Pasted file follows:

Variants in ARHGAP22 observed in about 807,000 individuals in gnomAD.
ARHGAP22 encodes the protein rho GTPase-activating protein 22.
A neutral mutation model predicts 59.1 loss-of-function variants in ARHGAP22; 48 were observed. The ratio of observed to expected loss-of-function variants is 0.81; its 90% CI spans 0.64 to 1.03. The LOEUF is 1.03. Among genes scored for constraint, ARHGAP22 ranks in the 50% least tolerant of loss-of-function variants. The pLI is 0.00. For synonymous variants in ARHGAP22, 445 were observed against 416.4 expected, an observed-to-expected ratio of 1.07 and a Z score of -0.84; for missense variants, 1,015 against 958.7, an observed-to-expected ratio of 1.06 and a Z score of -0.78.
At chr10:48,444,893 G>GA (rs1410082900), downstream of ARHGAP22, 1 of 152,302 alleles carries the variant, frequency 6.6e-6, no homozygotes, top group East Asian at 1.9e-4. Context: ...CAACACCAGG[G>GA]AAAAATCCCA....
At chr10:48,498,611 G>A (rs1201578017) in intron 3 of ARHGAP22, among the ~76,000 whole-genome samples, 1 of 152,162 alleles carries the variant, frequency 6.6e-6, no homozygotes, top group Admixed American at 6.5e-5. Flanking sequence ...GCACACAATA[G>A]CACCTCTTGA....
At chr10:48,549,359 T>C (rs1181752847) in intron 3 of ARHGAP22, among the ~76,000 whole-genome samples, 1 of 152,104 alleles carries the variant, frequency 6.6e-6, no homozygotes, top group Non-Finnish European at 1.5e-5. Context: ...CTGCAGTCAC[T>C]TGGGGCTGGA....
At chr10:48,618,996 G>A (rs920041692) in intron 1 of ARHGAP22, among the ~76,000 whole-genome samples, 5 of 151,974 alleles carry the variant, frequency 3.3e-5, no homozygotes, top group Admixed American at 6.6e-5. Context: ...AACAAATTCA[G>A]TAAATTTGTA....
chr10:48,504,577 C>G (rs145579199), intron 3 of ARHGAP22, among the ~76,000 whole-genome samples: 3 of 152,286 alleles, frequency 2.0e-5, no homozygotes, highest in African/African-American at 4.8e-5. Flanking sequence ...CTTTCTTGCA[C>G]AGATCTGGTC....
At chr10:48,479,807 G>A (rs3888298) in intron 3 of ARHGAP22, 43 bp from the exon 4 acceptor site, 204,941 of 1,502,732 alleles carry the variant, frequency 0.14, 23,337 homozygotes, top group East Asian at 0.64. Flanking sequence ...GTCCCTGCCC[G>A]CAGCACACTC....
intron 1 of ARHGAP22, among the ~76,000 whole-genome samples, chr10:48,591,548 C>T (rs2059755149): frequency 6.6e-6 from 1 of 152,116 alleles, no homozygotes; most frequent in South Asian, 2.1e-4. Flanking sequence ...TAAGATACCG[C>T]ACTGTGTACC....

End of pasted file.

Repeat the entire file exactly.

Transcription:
Variants in ARHGAP22 observed in about 807,000 individuals in gnomAD.
ARHGAP22 encodes the protein rho GTPase-activating protein 22.
A neutral mutation model predicts 59.1 loss-of-function variants in ARHGAP22; 48 were observed. The ratio of observed to expected loss-of-function variants is 0.81; its 90% CI spans 0.64 to 1.03. The LOEUF is 1.03. Among genes scored for constraint, ARHGAP22 ranks in the 50% least tolerant of loss-of-function variants. The pLI is 0.00. For synonymous variants in ARHGAP22, 445 were observed against 416.4 expected, an observed-to-expected ratio of 1.07 and a Z score of -0.84; for missense variants, 1,015 against 958.7, an observed-to-expected ratio of 1.06 and a Z score of -0.78.
At chr10:48,444,893 G>GA (rs1410082900), downstream of ARHGAP22, 1 of 152,302 alleles carries the variant, frequency 6.6e-6, no homozygotes, top group East Asian at 1.9e-4. Context: ...CAACACCAGG[G>GA]AAAAATCCCA....
At chr10:48,498,611 G>A (rs1201578017) in intron 3 of ARHGAP22, among the ~76,000 whole-genome samples, 1 of 152,162 alleles carries the variant, frequency 6.6e-6, no homozygotes, top group Admixed American at 6.5e-5. Flanking sequence ...GCACACAATA[G>A]CACCTCTTGA....
At chr10:48,549,359 T>C (rs1181752847) in intron 3 of ARHGAP22, among the ~76,000 whole-genome samples, 1 of 152,104 alleles carries the variant, frequency 6.6e-6, no homozygotes, top group Non-Finnish European at 1.5e-5. Context: ...CTGCAGTCAC[T>C]TGGGGCTGGA....
At chr10:48,618,996 G>A (rs920041692) in intron 1 of ARHGAP22, among the ~76,000 whole-genome samples, 5 of 151,974 alleles carry the variant, frequency 3.3e-5, no homozygotes, top group Admixed American at 6.6e-5. Context: ...AACAAATTCA[G>A]TAAATTTGTA....
chr10:48,504,577 C>G (rs145579199), intron 3 of ARHGAP22, among the ~76,000 whole-genome samples: 3 of 152,286 alleles, frequency 2.0e-5, no homozygotes, highest in African/African-American at 4.8e-5. Flanking sequence ...CTTTCTTGCA[C>G]AGATCTGGTC....
At chr10:48,479,807 G>A (rs3888298) in intron 3 of ARHGAP22, 43 bp from the exon 4 acceptor site, 204,941 of 1,502,732 alleles carry the variant, frequency 0.14, 23,337 homozygotes, top group East Asian at 0.64. Flanking sequence ...GTCCCTGCCC[G>A]CAGCACACTC....
intron 1 of ARHGAP22, among the ~76,000 whole-genome samples, chr10:48,591,548 C>T (rs2059755149): frequency 6.6e-6 from 1 of 152,116 alleles, no homozygotes; most frequent in South Asian, 2.1e-4. Flanking sequence ...TAAGATACCG[C>T]ACTGTGTACC....